In his first match since dropping the ATP Brisbane International Final to Lleyton Hewitt, Roger Federer let the tennis world know he was ready to challenge for an Australian Open championship by making quick work of Australian James Duckworth.
Federer took the match decisively, 6-4, 6-4, 6-2.
More impressive than his opening victory was the fact that he set an Open-era record for most consecutive Grand Slam appearances, as ESPN Stats & Info pointed out:
Roger Federer: 57th straight Grand Slam event played (sets Open Era record)— ESPN Stats & Info (@ESPNStatsInfo) January 14, 2014
Federer showed his resiliency by fighting through an uncomfortably hot Rod Laver Arena atmosphere. Tennis.com noted that a handful of players had difficulty dealing with the conditions:
Current temp at #AusOpen 107 F; Peng Shuai has been sick on court and Frank Dancevic fainted, not to mention prior retirements.— TENNIS.com (@tennis) January 14, 2014
It’s always important to get that initial victory under your belt at a major tournament, but Federer has much grander intentions at the 2014 Australian Open. The four-time champion at this event plans on contending for the title in a loaded field, and he appears primed to do just that if his match with Duckworth was any indication.
Let’s dig into a few reasons why.
Federer was certainly resilient to work through the absolutely brutal weather conditions, but he was far from the only player to compete in dangerously high temperatures.
More importantly for the former champion going forward, he was able to fight through some issues on the court throughout the match. He squandered multiple break-point opportunities in the opening set, which undoubtedly frustrated him. However, he was able to persevere and eventually picked up the important break to take the first set and avoid a tiebreaker.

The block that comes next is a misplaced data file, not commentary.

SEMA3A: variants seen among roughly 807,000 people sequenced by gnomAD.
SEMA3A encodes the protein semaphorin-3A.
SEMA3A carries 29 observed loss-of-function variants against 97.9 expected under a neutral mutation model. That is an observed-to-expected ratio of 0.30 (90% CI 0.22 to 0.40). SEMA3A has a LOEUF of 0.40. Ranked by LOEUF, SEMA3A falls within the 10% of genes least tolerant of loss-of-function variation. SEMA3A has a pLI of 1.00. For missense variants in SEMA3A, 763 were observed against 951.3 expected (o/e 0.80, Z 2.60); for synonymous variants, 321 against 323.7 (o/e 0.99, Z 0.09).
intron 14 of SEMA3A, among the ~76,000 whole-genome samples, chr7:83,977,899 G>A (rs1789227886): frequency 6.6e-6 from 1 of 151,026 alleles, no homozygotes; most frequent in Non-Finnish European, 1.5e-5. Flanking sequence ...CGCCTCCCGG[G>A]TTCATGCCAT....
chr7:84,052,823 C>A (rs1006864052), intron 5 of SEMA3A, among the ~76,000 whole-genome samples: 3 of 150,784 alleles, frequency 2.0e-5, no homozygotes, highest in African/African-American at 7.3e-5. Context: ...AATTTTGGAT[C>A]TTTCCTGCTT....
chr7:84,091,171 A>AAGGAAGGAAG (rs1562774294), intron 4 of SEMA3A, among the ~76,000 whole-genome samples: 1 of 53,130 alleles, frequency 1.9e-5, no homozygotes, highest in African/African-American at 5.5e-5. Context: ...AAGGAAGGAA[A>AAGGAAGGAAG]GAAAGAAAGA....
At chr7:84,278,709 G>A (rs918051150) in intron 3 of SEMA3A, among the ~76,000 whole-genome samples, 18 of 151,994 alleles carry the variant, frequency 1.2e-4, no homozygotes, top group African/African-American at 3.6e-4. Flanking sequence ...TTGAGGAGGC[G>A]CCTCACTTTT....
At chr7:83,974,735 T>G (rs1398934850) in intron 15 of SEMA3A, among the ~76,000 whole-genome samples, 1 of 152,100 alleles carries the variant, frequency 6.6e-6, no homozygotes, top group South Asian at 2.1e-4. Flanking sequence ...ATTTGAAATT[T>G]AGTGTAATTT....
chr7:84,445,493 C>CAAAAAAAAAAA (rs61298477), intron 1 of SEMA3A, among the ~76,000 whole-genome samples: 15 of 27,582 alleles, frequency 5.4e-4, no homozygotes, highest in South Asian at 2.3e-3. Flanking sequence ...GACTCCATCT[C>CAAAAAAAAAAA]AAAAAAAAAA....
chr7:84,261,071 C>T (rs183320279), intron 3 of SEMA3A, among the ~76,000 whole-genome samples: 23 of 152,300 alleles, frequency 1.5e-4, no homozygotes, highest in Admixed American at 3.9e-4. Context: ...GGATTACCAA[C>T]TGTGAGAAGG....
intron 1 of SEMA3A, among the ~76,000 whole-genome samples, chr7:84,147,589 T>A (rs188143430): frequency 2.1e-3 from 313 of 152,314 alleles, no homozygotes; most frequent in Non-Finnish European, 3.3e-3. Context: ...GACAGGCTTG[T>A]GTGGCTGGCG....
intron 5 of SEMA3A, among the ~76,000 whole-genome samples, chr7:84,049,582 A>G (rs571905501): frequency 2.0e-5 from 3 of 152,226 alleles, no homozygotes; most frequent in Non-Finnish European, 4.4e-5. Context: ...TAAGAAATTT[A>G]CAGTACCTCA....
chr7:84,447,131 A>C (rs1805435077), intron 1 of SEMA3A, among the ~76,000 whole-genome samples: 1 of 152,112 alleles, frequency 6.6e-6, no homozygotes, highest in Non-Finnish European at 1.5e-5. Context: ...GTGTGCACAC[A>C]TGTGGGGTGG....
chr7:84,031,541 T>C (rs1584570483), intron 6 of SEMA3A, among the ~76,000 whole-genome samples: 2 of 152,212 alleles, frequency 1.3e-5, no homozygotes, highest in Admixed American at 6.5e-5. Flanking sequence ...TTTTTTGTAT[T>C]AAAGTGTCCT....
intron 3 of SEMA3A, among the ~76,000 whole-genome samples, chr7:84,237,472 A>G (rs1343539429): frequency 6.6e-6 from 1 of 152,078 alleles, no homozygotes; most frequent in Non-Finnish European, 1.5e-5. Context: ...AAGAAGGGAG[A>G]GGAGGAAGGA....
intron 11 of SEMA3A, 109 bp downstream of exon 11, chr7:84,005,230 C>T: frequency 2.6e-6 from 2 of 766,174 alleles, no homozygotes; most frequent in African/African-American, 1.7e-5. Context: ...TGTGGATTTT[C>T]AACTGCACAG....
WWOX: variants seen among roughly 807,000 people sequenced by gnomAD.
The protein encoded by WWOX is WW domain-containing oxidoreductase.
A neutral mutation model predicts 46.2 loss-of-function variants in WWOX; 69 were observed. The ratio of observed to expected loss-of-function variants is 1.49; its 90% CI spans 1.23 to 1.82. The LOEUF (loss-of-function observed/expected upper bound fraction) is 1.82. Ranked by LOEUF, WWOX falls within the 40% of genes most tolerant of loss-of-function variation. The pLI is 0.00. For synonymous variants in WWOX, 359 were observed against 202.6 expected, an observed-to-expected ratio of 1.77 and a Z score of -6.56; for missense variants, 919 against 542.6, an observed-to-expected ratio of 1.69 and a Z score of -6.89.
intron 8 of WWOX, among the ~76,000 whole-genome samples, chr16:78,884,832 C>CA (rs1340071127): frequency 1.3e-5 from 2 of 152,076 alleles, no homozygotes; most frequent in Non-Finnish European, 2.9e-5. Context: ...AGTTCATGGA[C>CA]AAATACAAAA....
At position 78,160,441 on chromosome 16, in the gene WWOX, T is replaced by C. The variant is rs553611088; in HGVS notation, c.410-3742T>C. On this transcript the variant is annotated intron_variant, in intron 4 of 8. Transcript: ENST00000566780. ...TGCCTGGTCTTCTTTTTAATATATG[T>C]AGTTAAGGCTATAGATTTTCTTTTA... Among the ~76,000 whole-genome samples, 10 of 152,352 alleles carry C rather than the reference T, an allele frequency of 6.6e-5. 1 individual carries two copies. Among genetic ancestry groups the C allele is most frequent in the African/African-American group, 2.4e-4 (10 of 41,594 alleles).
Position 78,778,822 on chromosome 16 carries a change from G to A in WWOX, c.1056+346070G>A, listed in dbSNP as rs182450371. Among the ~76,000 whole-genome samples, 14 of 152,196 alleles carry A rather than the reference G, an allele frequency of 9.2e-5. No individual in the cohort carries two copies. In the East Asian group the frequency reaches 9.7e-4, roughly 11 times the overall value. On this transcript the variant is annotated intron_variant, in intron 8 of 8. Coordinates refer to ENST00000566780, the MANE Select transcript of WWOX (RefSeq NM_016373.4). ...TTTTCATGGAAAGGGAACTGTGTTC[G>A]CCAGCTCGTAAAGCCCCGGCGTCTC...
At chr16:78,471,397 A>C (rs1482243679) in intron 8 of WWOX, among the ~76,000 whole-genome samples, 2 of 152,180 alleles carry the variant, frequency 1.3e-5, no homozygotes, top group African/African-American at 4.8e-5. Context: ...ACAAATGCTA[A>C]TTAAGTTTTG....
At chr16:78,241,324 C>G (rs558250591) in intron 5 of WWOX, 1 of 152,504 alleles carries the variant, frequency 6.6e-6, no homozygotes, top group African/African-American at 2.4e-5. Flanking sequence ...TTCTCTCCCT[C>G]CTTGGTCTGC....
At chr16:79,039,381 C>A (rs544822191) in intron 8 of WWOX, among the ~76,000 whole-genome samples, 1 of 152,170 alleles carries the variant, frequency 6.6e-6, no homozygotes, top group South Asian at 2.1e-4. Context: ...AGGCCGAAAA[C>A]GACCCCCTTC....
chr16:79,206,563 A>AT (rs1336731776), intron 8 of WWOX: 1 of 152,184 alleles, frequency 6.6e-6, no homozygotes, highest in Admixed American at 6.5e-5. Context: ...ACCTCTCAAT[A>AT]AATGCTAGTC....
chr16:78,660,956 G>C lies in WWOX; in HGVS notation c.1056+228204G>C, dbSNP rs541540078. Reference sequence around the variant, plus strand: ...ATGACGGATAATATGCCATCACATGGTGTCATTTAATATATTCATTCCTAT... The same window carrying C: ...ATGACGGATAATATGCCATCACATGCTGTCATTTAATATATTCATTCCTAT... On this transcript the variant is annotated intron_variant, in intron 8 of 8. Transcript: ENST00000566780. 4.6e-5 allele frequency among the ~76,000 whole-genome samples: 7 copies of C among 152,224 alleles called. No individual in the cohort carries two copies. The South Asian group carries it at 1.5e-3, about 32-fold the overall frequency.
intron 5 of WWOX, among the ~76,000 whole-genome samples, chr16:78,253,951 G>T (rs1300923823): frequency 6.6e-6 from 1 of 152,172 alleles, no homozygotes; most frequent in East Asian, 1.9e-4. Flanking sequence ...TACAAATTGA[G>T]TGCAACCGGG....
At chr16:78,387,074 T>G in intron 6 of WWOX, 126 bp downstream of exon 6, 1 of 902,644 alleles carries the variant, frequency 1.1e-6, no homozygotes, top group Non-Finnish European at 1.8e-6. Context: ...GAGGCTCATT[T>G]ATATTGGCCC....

While he had to work for his initial break, Federer was dominant with the serve from the get-go. The fact that he still found a way to do more than enough to win even though he struggled in one aspect of his game is a positive sign for Federer.
Dominating with the Serve
That dominance with the serve should give Federer fans reason for optimism.
According to Tennis.com, he won 89 percent of his first-serve points and 18-of-22 trips to the net. And he prevented Duckworth from picking up the one break point Federer faced. Although Federer didn’t rack up an incredible amount of service aces, he was in complete control of almost every single point when he was serving.
There is no way that Federer can bring home the Australian Open title given the loaded field if he isn’t on mark with the serve.
If the opening match was any indication, he will be.
Working out the Kinks
There is no such thing as clear sailing to a Grand Slam title, so working out some early kinks against lesser competition can pay off in the long run.
Duckworth continuously tested Federer’s backhand, which is part of the reason Federer couldn’t convert on his early break opportunities. While there were certainly a number of misses from the four-time Australian Open champion, he did get stronger as the match progressed, which would seem to indicate he was gradually becoming accustomed to the new frame.
Of course, one match—against an inexperienced opponent playing just his eighth major contest—is too small a sample to gauge the state of Federer’s game. But his footwork was much sharper than it was in the abysmal first set of his Brisbane final loss to Lleyton Hewitt, he served with authority, went after his second serve, and defended with ambition.
Will Roger Federer win the Australian Open?
Federer showed enough in his initial victory to suggest that he will be in the Australian Open field for quite some time.